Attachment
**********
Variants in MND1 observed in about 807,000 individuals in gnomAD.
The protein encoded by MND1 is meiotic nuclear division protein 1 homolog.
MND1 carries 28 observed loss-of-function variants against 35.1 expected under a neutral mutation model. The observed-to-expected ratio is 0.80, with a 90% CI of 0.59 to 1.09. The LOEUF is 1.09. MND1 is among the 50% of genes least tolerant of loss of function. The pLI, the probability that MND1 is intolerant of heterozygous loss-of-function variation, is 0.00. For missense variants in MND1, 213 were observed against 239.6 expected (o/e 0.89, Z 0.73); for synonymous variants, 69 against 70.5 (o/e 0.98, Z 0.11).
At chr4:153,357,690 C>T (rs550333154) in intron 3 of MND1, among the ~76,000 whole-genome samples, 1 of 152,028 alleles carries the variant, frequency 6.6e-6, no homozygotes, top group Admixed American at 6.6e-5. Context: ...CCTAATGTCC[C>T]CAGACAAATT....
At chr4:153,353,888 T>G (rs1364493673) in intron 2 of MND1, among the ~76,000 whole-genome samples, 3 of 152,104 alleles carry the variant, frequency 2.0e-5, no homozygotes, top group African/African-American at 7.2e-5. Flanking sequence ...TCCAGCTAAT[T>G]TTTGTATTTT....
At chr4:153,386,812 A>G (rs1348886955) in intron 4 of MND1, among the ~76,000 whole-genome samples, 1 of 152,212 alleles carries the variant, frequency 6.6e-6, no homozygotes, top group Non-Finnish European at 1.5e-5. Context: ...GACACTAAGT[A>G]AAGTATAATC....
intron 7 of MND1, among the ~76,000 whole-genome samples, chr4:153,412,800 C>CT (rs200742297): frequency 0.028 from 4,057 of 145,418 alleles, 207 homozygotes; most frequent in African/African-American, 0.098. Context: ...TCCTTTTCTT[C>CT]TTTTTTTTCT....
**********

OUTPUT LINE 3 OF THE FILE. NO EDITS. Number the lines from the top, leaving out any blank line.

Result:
MND1 carries 28 observed loss-of-function variants against 35.1 expected under a neutral mutation model. The observed-to-expected ratio is 0.80, with a 90% CI of 0.59 to 1.09. The LOEUF is 1.09. MND1 is among the 50% of genes least tolerant of loss of function. The pLI, the probability that MND1 is intolerant of heterozygous loss-of-function variation, is 0.00. For missense variants in MND1, 213 were observed against 239.6 expected (o/e 0.89, Z 0.73); for synonymous variants, 69 against 70.5 (o/e 0.98, Z 0.11).